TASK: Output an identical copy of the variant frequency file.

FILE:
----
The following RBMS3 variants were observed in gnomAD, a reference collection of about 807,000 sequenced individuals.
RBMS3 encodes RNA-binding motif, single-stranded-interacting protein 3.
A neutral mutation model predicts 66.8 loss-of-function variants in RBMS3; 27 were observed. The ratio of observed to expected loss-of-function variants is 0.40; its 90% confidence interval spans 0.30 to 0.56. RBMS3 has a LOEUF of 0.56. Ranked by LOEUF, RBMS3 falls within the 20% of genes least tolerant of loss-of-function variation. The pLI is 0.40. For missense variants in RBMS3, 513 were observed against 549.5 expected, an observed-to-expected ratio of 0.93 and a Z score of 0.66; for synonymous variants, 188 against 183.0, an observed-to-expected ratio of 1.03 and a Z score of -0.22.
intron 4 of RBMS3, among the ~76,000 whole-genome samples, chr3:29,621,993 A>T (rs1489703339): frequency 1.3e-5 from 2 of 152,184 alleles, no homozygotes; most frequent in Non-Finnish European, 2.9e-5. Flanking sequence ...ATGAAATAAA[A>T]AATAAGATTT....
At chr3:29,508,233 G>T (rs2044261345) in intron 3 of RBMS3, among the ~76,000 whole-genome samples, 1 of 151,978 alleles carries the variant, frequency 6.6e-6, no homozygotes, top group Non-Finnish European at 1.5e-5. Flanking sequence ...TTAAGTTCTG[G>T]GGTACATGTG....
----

The following RBMS3 variants were observed in gnomAD, a reference collection of about 807,000 sequenced individuals.
RBMS3 encodes RNA-binding motif, single-stranded-interacting protein 3.
A neutral mutation model predicts 66.8 loss-of-function variants in RBMS3; 27 were observed. The ratio of observed to expected loss-of-function variants is 0.40; its 90% confidence interval spans 0.30 to 0.56. RBMS3 has a LOEUF of 0.56. Ranked by LOEUF, RBMS3 falls within the 20% of genes least tolerant of loss-of-function variation. The pLI is 0.40. For missense variants in RBMS3, 513 were observed against 549.5 expected, an observed-to-expected ratio of 0.93 and a Z score of 0.66; for synonymous variants, 188 against 183.0, an observed-to-expected ratio of 1.03 and a Z score of -0.22.
intron 4 of RBMS3, among the ~76,000 whole-genome samples, chr3:29,621,993 A>T (rs1489703339): frequency 1.3e-5 from 2 of 152,184 alleles, no homozygotes; most frequent in Non-Finnish European, 2.9e-5. Flanking sequence ...ATGAAATAAA[A>T]AATAAGATTT....
At chr3:29,508,233 G>T (rs2044261345) in intron 3 of RBMS3, among the ~76,000 whole-genome samples, 1 of 151,978 alleles carries the variant, frequency 6.6e-6, no homozygotes, top group Non-Finnish European at 1.5e-5. Flanking sequence ...TTAAGTTCTG[G>T]GGTACATGTG....